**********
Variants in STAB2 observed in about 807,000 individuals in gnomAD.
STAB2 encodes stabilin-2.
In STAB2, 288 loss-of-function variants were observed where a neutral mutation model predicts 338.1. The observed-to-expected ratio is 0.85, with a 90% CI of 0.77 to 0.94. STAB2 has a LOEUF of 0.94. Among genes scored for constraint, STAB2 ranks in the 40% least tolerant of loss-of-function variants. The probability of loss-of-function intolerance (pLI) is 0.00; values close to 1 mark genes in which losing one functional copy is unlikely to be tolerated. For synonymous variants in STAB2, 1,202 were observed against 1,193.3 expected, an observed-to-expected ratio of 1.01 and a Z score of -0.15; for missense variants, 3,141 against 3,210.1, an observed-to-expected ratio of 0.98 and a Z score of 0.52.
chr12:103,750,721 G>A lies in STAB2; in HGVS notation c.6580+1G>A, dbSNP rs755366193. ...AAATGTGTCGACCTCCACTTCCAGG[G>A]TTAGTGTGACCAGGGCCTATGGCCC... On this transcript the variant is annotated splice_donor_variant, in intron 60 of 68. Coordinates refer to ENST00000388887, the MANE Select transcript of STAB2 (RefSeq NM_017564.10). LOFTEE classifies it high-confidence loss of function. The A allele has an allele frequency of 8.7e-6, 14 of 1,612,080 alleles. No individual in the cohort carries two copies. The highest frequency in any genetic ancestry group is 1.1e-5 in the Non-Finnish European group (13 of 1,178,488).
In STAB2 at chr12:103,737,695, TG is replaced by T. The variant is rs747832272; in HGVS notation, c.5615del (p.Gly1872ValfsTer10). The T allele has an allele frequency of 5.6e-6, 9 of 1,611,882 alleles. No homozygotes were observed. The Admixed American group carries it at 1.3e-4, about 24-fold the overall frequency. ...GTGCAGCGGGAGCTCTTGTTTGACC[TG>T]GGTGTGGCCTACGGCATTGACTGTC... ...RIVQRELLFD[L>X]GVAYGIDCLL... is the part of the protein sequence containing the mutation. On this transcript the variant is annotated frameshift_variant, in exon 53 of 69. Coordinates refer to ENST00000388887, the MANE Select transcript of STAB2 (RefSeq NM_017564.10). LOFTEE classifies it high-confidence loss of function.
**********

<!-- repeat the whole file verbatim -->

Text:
Variants in STAB2 observed in about 807,000 individuals in gnomAD.
STAB2 encodes stabilin-2.
In STAB2, 288 loss-of-function variants were observed where a neutral mutation model predicts 338.1. The observed-to-expected ratio is 0.85, with a 90% CI of 0.77 to 0.94. STAB2 has a LOEUF of 0.94. Among genes scored for constraint, STAB2 ranks in the 40% least tolerant of loss-of-function variants. The probability of loss-of-function intolerance (pLI) is 0.00; values close to 1 mark genes in which losing one functional copy is unlikely to be tolerated. For synonymous variants in STAB2, 1,202 were observed against 1,193.3 expected, an observed-to-expected ratio of 1.01 and a Z score of -0.15; for missense variants, 3,141 against 3,210.1, an observed-to-expected ratio of 0.98 and a Z score of 0.52.
chr12:103,750,721 G>A lies in STAB2; in HGVS notation c.6580+1G>A, dbSNP rs755366193. ...AAATGTGTCGACCTCCACTTCCAGG[G>A]TTAGTGTGACCAGGGCCTATGGCCC... On this transcript the variant is annotated splice_donor_variant, in intron 60 of 68. Coordinates refer to ENST00000388887, the MANE Select transcript of STAB2 (RefSeq NM_017564.10). LOFTEE classifies it high-confidence loss of function. The A allele has an allele frequency of 8.7e-6, 14 of 1,612,080 alleles. No individual in the cohort carries two copies. The highest frequency in any genetic ancestry group is 1.1e-5 in the Non-Finnish European group (13 of 1,178,488).
In STAB2 at chr12:103,737,695, TG is replaced by T. The variant is rs747832272; in HGVS notation, c.5615del (p.Gly1872ValfsTer10). The T allele has an allele frequency of 5.6e-6, 9 of 1,611,882 alleles. No homozygotes were observed. The Admixed American group carries it at 1.3e-4, about 24-fold the overall frequency. ...GTGCAGCGGGAGCTCTTGTTTGACC[TG>T]GGTGTGGCCTACGGCATTGACTGTC... ...RIVQRELLFD[L>X]GVAYGIDCLL... is the part of the protein sequence containing the mutation. On this transcript the variant is annotated frameshift_variant, in exon 53 of 69. Coordinates refer to ENST00000388887, the MANE Select transcript of STAB2 (RefSeq NM_017564.10). LOFTEE classifies it high-confidence loss of function.